INDYCAR Voices - Joey Barnes

Nothing elevates a sport quite like a rivalry.

It is the single biggest product that brings out the passion and spirit of fans and competitors alike.

Major League Baseball has the Boston Red Sox vs. the New York Yankees. The National Football League delivers on the gridiron with the Chicago Bears vs. the Green Bay Packers. One of the greatest stories in racing circles comes courtesy of Formula One with James Hunt vs. Niki Lauda. There is even one building this season in the NTT IndyCar Series as Team Penske’s Josef Newgarden goes wheel-to-wheel with Andretti Autosport’s Alexander Rossi for the championship.

However, there is one that has been playing itself out over the last few seasons in the Road to Indy between Oliver Askew and Rinus VeeKay.

The three-tier INDYCAR-sanctioned development ladder has witnessed some incredible battles during its time, but simply put, this one is on a whole other level.

While the duo had countless battles in the karting ranks, the stakes were raised in 2017 as both entered the Cooper Tires USF2000 Championship (first rung), which saw Askew take the title by a slim seven points over VeeKay.

In 2018, the two tangled again as they progressed up to the second step of the ladder – Indy Pro 2000 presented by Cooper Tires. Unlike the previous year, though, it was VeeKay’s time to shine as the Dutchman went on a summer hot-streak that carried him to the championship. Askew showed flashes of pace, but in the end was left to finish third overall.

And as if it were fate, the pair of up-and-coming drivers opted to move up to the third and final act: Indy Lights presented by Cooper Tires. Winning the championship alone secures a $1.1 million scholarship for three races the following season in the NTT IndyCar Series, including the 104th Running of the Indianapolis 500 presented by Gainbridge.

At the halfway mark with nine of 18 races now finished, both drivers hold firm at the top as Askew (No. 28 Andretti Autosport) holds a three-point lead over VeeKay (No. 21 Juncos Racing). They each have three wins and three poles heading into this weekend’s Cooper Tires Grand Prix, a doubleheader event at Toronto’s Exhibition Place.

When digging further into the numbers, there is a lot to suggest these two drivers have arguably provided the biggest rivalry seen in the Road to Indy program.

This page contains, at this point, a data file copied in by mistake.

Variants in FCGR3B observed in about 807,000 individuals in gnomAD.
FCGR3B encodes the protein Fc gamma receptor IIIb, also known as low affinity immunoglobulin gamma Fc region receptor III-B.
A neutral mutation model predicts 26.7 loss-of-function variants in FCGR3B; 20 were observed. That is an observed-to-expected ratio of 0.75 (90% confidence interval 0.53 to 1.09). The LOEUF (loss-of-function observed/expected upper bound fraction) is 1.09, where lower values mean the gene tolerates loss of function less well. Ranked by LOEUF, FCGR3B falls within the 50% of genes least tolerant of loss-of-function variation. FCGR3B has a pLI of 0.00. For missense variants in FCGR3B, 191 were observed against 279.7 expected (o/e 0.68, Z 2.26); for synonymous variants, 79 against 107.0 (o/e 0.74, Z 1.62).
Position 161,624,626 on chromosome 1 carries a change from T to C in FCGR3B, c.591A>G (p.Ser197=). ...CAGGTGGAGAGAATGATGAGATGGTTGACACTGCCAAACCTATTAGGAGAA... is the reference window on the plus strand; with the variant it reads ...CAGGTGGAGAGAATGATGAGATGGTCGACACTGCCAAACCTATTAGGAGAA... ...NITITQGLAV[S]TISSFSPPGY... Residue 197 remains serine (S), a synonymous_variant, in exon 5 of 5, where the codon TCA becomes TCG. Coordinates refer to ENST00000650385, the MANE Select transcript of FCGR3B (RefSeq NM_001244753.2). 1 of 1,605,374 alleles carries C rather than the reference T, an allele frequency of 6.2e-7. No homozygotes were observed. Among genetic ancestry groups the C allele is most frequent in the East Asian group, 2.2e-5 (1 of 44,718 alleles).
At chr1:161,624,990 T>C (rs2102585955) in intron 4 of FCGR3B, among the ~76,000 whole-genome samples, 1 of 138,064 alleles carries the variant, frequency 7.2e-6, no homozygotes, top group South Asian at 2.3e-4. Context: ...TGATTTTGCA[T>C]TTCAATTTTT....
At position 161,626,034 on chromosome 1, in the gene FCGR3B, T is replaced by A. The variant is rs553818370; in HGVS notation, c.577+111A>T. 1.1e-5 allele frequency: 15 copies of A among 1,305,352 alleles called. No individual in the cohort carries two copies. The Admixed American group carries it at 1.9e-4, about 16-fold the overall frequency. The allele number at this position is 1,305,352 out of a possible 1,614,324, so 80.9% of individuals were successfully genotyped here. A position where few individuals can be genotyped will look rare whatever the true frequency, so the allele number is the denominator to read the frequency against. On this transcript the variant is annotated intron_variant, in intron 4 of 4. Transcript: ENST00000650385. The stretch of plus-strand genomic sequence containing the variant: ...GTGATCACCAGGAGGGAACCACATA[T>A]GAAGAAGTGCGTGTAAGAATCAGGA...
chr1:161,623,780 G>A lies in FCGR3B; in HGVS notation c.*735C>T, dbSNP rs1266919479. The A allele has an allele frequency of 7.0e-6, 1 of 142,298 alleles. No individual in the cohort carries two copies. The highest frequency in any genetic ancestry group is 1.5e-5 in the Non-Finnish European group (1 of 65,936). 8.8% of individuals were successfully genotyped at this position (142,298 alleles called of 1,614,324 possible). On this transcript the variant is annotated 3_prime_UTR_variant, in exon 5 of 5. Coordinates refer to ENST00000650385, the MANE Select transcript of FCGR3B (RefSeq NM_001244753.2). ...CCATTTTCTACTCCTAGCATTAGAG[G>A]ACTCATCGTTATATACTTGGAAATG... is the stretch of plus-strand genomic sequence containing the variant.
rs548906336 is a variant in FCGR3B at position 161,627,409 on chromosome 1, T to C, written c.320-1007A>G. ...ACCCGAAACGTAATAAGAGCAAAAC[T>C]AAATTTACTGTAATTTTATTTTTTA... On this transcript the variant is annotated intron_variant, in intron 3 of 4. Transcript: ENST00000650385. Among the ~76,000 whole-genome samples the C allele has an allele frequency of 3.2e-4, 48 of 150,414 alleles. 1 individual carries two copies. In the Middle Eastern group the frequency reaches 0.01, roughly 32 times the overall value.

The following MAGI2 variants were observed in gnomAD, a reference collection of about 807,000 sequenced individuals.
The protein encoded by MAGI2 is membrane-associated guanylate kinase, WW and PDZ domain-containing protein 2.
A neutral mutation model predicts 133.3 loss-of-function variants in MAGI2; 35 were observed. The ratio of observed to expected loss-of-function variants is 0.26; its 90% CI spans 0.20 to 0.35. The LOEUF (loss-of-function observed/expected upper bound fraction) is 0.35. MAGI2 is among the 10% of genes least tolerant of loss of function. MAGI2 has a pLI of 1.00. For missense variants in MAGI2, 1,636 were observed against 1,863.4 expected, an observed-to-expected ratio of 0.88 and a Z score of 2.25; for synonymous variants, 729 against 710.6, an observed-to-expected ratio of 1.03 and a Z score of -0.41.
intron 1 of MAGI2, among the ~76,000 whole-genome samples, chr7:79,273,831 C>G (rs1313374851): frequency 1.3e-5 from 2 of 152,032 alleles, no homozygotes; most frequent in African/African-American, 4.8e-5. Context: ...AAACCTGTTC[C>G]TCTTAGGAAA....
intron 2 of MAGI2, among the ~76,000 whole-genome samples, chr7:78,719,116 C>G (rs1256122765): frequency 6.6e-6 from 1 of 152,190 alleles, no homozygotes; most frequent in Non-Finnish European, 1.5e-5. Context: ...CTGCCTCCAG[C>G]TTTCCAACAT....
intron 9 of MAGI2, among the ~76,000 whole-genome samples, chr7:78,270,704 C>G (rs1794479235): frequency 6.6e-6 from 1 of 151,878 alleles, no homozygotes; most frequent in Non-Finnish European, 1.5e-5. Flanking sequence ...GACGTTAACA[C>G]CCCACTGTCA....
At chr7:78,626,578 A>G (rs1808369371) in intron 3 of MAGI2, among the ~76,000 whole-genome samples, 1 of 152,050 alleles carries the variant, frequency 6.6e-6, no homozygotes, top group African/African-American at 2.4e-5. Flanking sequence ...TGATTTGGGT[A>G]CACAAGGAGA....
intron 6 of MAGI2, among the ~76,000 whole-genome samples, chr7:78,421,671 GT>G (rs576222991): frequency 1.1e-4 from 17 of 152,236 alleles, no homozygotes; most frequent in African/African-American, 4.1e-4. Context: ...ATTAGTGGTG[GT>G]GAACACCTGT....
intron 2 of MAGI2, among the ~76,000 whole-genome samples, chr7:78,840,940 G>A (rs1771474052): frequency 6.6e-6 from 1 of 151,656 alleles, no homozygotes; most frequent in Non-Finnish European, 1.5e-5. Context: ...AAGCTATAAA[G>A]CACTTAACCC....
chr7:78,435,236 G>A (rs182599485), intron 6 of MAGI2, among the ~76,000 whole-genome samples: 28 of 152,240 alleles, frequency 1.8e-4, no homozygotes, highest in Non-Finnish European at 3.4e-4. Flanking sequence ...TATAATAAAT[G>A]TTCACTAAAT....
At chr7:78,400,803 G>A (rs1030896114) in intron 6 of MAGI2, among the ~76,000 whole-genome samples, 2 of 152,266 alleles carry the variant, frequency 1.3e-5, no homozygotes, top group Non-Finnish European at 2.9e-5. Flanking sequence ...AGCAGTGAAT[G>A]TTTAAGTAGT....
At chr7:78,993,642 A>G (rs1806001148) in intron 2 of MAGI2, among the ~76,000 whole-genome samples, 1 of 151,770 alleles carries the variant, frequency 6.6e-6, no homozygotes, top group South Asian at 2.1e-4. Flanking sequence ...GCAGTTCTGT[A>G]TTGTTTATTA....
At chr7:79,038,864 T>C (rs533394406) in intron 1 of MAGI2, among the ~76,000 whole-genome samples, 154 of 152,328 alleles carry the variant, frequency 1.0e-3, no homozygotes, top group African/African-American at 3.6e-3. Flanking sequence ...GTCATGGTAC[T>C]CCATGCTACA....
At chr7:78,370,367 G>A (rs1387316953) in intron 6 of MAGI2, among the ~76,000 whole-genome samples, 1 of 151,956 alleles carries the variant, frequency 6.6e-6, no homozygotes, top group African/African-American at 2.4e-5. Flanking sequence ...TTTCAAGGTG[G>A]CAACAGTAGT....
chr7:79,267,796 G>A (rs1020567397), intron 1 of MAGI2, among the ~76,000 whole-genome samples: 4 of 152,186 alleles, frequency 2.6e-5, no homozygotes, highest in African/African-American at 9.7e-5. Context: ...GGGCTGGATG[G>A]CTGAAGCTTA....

Collectively, they have both competed in a total of 39 races across all three series and shared the podium on 19 occasions. Askew has scored 11 wins, 23 podiums and 14 pole positions, while VeeKay possesses 13 wins, 28 podiums and 10 pole positions.

Additionally, the pairing has finished 1-2 seven times, which Askew holds the head-to-head win advantage at 5-2.

Those numbers could have been expanded upon further if not for the occasional on-track scuffles.

During the nightcap of the season-opening doubleheader weekend on the streets of St. Petersburg, Florida, Askew started on pole for his home race with VeeKay alongside on the front row. As the green flag waved the field barreled into Turn 1, but moments later the front row competitors made contact, which sent Askew into the wall and evaporated any hopes of victory – one that VeeKay went on to capture.

Visually, it was easy to see the frustration on the face of Askew after the incident. But instead of dwelling on it, he used it as fuel to claim a flawless weekend at the next round at Circuit of The Americas, winning both races from pole en route to the sweep.

There is also bragging rights for Askew in winning the Freedom 100 – the crown jewel event for Indy Lights – back in May.

Regardless, the Indy Lights championship holds the tiebreaker to the 1-1 stalemate both drivers are locked into. As their careers have taken shape over the past three years, so too has the intensity. This battle is as fierce as it gets because there is no guarantee the second-place man gets called up to the NTT IndyCar Series.

There are nine races to go and the prize is in sight. With this rivalry, it isn’t a question of talent or skill, but more about will.

The moment is there for the taking, so who wants it more?